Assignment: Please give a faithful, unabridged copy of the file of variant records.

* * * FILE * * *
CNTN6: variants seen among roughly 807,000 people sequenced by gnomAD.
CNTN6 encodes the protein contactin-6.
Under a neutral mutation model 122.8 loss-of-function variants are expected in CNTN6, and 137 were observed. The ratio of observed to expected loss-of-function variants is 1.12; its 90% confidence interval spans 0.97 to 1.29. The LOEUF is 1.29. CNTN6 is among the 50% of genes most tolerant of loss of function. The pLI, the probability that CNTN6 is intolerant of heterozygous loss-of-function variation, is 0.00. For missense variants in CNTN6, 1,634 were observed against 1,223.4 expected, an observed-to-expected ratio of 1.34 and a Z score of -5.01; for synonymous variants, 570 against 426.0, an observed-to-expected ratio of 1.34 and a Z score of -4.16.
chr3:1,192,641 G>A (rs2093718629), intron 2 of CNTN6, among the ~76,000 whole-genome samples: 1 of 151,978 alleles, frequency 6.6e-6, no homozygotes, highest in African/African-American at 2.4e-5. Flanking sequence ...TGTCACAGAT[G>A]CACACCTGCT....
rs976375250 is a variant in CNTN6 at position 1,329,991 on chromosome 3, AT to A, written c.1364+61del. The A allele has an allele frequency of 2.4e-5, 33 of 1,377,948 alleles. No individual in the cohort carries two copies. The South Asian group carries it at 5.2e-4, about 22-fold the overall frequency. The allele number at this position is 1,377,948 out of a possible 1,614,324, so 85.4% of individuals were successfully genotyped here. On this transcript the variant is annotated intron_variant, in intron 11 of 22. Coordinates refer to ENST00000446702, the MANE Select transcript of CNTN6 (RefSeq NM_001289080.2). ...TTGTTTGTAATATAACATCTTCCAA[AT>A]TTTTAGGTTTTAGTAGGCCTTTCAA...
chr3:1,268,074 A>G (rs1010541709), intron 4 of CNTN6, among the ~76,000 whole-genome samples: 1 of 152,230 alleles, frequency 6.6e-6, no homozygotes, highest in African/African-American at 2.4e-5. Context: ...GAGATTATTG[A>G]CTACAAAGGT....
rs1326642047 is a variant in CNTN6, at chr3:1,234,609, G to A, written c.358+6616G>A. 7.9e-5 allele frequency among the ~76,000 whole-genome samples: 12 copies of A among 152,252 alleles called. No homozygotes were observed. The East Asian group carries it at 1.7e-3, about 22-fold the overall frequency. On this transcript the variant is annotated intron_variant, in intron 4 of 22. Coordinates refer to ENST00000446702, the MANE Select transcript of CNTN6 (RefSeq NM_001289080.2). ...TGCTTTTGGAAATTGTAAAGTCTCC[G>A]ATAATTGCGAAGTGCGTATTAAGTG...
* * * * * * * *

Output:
CNTN6: variants seen among roughly 807,000 people sequenced by gnomAD.
CNTN6 encodes the protein contactin-6.
Under a neutral mutation model 122.8 loss-of-function variants are expected in CNTN6, and 137 were observed. The ratio of observed to expected loss-of-function variants is 1.12; its 90% confidence interval spans 0.97 to 1.29. The LOEUF is 1.29. CNTN6 is among the 50% of genes most tolerant of loss of function. The pLI, the probability that CNTN6 is intolerant of heterozygous loss-of-function variation, is 0.00. For missense variants in CNTN6, 1,634 were observed against 1,223.4 expected, an observed-to-expected ratio of 1.34 and a Z score of -5.01; for synonymous variants, 570 against 426.0, an observed-to-expected ratio of 1.34 and a Z score of -4.16.
chr3:1,192,641 G>A (rs2093718629), intron 2 of CNTN6, among the ~76,000 whole-genome samples: 1 of 151,978 alleles, frequency 6.6e-6, no homozygotes, highest in African/African-American at 2.4e-5. Flanking sequence ...TGTCACAGAT[G>A]CACACCTGCT....
rs976375250 is a variant in CNTN6 at position 1,329,991 on chromosome 3, AT to A, written c.1364+61del. The A allele has an allele frequency of 2.4e-5, 33 of 1,377,948 alleles. No individual in the cohort carries two copies. The South Asian group carries it at 5.2e-4, about 22-fold the overall frequency. The allele number at this position is 1,377,948 out of a possible 1,614,324, so 85.4% of individuals were successfully genotyped here. On this transcript the variant is annotated intron_variant, in intron 11 of 22. Coordinates refer to ENST00000446702, the MANE Select transcript of CNTN6 (RefSeq NM_001289080.2). ...TTGTTTGTAATATAACATCTTCCAA[AT>A]TTTTAGGTTTTAGTAGGCCTTTCAA...
chr3:1,268,074 A>G (rs1010541709), intron 4 of CNTN6, among the ~76,000 whole-genome samples: 1 of 152,230 alleles, frequency 6.6e-6, no homozygotes, highest in African/African-American at 2.4e-5. Context: ...GAGATTATTG[A>G]CTACAAAGGT....
rs1326642047 is a variant in CNTN6, at chr3:1,234,609, G to A, written c.358+6616G>A. 7.9e-5 allele frequency among the ~76,000 whole-genome samples: 12 copies of A among 152,252 alleles called. No homozygotes were observed. The East Asian group carries it at 1.7e-3, about 22-fold the overall frequency. On this transcript the variant is annotated intron_variant, in intron 4 of 22. Coordinates refer to ENST00000446702, the MANE Select transcript of CNTN6 (RefSeq NM_001289080.2). ...TGCTTTTGGAAATTGTAAAGTCTCC[G>A]ATAATTGCGAAGTGCGTATTAAGTG...